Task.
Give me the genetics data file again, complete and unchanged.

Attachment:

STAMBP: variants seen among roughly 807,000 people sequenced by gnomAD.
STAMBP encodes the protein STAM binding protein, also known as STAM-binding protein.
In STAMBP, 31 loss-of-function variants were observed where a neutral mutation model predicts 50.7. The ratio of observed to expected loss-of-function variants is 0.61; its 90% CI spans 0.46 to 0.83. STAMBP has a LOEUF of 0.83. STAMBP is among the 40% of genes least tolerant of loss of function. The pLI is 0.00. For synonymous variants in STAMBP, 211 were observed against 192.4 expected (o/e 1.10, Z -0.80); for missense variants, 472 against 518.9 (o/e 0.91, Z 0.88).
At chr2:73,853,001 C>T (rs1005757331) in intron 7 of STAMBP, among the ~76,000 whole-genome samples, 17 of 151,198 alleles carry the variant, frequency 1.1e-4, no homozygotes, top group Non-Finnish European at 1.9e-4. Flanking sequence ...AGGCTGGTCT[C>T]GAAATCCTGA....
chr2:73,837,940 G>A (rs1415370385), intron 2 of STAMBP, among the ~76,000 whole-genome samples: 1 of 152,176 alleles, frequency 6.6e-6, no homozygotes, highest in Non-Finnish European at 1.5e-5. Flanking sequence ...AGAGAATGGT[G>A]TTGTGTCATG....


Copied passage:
STAMBP: variants seen among roughly 807,000 people sequenced by gnomAD.
STAMBP encodes the protein STAM binding protein, also known as STAM-binding protein.
In STAMBP, 31 loss-of-function variants were observed where a neutral mutation model predicts 50.7. The ratio of observed to expected loss-of-function variants is 0.61; its 90% CI spans 0.46 to 0.83. STAMBP has a LOEUF of 0.83. STAMBP is among the 40% of genes least tolerant of loss of function. The pLI is 0.00. For synonymous variants in STAMBP, 211 were observed against 192.4 expected (o/e 1.10, Z -0.80); for missense variants, 472 against 518.9 (o/e 0.91, Z 0.88).
At chr2:73,853,001 C>T (rs1005757331) in intron 7 of STAMBP, among the ~76,000 whole-genome samples, 17 of 151,198 alleles carry the variant, frequency 1.1e-4, no homozygotes, top group Non-Finnish European at 1.9e-4. Flanking sequence ...AGGCTGGTCT[C>T]GAAATCCTGA....
chr2:73,837,940 G>A (rs1415370385), intron 2 of STAMBP, among the ~76,000 whole-genome samples: 1 of 152,176 alleles, frequency 6.6e-6, no homozygotes, highest in Non-Finnish European at 1.5e-5. Flanking sequence ...AGAGAATGGT[G>A]TTGTGTCATG....